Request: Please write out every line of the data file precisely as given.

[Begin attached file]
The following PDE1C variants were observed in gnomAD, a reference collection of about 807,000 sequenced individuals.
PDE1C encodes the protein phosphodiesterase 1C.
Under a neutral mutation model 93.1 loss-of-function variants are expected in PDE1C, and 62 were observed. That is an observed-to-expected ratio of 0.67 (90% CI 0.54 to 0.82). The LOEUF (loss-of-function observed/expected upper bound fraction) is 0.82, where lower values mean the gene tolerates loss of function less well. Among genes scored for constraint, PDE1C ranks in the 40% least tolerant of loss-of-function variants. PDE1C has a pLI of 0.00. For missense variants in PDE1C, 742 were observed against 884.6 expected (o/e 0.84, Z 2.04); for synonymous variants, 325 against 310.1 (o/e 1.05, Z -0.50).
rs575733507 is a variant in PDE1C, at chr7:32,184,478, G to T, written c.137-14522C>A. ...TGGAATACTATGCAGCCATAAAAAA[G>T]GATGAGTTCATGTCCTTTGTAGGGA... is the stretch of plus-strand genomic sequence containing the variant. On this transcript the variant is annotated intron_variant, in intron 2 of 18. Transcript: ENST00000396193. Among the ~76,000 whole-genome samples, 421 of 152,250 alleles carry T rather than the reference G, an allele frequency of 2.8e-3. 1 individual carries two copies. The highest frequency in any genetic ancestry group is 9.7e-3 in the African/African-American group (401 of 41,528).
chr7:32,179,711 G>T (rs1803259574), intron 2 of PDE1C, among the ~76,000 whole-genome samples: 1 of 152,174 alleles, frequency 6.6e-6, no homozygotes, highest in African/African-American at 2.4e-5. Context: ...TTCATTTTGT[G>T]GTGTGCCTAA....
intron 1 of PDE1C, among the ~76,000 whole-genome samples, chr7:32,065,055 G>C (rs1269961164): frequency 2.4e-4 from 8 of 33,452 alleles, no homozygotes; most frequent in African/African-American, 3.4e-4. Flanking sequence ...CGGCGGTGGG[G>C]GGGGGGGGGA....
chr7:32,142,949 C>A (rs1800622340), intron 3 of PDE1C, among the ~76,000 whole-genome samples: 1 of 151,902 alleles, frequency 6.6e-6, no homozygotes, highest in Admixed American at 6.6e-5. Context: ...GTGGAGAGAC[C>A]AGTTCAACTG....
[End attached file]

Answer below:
The following PDE1C variants were observed in gnomAD, a reference collection of about 807,000 sequenced individuals.
PDE1C encodes the protein phosphodiesterase 1C.
Under a neutral mutation model 93.1 loss-of-function variants are expected in PDE1C, and 62 were observed. That is an observed-to-expected ratio of 0.67 (90% CI 0.54 to 0.82). The LOEUF (loss-of-function observed/expected upper bound fraction) is 0.82, where lower values mean the gene tolerates loss of function less well. Among genes scored for constraint, PDE1C ranks in the 40% least tolerant of loss-of-function variants. PDE1C has a pLI of 0.00. For missense variants in PDE1C, 742 were observed against 884.6 expected (o/e 0.84, Z 2.04); for synonymous variants, 325 against 310.1 (o/e 1.05, Z -0.50).
rs575733507 is a variant in PDE1C, at chr7:32,184,478, G to T, written c.137-14522C>A. ...TGGAATACTATGCAGCCATAAAAAA[G>T]GATGAGTTCATGTCCTTTGTAGGGA... is the stretch of plus-strand genomic sequence containing the variant. On this transcript the variant is annotated intron_variant, in intron 2 of 18. Transcript: ENST00000396193. Among the ~76,000 whole-genome samples, 421 of 152,250 alleles carry T rather than the reference G, an allele frequency of 2.8e-3. 1 individual carries two copies. The highest frequency in any genetic ancestry group is 9.7e-3 in the African/African-American group (401 of 41,528).
chr7:32,179,711 G>T (rs1803259574), intron 2 of PDE1C, among the ~76,000 whole-genome samples: 1 of 152,174 alleles, frequency 6.6e-6, no homozygotes, highest in African/African-American at 2.4e-5. Context: ...TTCATTTTGT[G>T]GTGTGCCTAA....
intron 1 of PDE1C, among the ~76,000 whole-genome samples, chr7:32,065,055 G>C (rs1269961164): frequency 2.4e-4 from 8 of 33,452 alleles, no homozygotes; most frequent in African/African-American, 3.4e-4. Flanking sequence ...CGGCGGTGGG[G>C]GGGGGGGGGA....
chr7:32,142,949 C>A (rs1800622340), intron 3 of PDE1C, among the ~76,000 whole-genome samples: 1 of 151,902 alleles, frequency 6.6e-6, no homozygotes, highest in Admixed American at 6.6e-5. Context: ...GTGGAGAGAC[C>A]AGTTCAACTG....